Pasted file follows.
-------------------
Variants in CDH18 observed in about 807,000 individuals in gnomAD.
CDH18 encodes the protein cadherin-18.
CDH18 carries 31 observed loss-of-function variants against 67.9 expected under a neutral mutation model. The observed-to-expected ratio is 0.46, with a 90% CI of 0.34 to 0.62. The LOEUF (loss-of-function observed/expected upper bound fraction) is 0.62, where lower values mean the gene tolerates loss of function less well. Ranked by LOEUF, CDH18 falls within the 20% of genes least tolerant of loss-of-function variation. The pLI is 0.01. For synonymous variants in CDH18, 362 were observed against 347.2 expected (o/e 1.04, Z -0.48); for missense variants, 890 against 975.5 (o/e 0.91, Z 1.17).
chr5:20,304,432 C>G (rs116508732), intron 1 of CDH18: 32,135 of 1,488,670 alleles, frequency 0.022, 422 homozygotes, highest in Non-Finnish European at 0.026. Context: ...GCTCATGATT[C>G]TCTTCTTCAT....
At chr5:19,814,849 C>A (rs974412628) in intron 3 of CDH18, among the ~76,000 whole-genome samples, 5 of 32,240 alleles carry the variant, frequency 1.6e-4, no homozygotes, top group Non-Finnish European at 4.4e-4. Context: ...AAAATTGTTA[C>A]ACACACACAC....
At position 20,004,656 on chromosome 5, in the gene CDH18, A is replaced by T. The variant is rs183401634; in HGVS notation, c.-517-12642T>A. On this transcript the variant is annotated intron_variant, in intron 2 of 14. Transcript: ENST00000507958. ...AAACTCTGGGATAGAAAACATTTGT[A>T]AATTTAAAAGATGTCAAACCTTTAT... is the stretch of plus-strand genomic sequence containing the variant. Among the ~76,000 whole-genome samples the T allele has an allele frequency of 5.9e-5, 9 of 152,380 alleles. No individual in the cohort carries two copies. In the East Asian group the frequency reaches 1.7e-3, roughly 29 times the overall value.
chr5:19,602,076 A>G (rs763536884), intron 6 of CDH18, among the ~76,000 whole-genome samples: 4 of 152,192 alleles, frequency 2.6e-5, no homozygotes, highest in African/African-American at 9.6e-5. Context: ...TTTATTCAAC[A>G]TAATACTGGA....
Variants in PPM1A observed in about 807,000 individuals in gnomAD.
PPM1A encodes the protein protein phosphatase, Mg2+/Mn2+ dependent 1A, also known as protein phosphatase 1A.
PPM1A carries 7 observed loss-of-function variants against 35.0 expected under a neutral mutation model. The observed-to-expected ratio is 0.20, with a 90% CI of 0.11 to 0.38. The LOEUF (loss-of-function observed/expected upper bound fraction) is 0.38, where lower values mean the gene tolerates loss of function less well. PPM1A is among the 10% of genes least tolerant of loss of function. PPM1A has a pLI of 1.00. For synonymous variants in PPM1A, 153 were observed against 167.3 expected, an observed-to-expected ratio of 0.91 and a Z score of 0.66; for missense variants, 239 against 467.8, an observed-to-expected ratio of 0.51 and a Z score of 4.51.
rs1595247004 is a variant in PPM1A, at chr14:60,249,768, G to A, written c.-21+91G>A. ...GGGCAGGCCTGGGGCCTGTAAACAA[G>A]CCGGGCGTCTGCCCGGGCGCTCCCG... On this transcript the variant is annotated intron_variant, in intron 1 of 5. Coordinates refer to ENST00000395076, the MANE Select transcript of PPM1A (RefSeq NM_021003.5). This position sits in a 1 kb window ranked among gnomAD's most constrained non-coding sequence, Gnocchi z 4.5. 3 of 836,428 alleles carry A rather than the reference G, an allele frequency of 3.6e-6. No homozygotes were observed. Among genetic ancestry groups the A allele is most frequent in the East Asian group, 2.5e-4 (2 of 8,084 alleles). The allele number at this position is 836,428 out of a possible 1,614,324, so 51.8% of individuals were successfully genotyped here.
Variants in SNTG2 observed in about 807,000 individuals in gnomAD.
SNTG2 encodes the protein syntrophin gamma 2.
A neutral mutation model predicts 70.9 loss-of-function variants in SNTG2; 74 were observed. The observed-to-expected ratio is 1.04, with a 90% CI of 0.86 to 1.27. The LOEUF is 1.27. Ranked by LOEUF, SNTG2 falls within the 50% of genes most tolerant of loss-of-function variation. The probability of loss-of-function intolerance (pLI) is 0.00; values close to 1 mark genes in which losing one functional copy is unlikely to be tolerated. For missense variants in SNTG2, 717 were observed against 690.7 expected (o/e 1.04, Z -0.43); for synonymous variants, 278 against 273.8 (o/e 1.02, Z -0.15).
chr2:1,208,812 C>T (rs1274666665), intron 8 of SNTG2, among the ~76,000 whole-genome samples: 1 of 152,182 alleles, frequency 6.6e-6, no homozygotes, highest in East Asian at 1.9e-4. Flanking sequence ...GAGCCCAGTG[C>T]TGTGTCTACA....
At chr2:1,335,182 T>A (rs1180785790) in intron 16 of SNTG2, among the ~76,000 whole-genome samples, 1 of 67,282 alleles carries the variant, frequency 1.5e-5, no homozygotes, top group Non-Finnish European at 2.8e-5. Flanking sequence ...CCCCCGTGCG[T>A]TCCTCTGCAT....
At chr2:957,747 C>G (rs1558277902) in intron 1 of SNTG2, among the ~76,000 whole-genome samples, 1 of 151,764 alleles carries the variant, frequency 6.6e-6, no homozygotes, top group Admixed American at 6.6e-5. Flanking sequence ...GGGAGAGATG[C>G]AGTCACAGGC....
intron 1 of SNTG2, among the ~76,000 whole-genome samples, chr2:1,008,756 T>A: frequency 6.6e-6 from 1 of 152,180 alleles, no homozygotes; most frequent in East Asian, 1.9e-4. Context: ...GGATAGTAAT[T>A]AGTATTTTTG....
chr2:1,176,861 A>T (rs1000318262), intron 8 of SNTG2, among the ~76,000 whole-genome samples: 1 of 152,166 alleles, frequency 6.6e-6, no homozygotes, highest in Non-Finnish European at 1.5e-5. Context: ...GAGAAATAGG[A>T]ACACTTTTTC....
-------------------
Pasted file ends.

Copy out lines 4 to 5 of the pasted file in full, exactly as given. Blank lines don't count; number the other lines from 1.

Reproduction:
chr5:20,304,432 C>G (rs116508732), intron 1 of CDH18: 32,135 of 1,488,670 alleles, frequency 0.022, 422 homozygotes, highest in Non-Finnish European at 0.026. Context: ...GCTCATGATT[C>G]TCTTCTTCAT....
At chr5:19,814,849 C>A (rs974412628) in intron 3 of CDH18, among the ~76,000 whole-genome samples, 5 of 32,240 alleles carry the variant, frequency 1.6e-4, no homozygotes, top group Non-Finnish European at 4.4e-4. Context: ...AAAATTGTTA[C>A]ACACACACAC....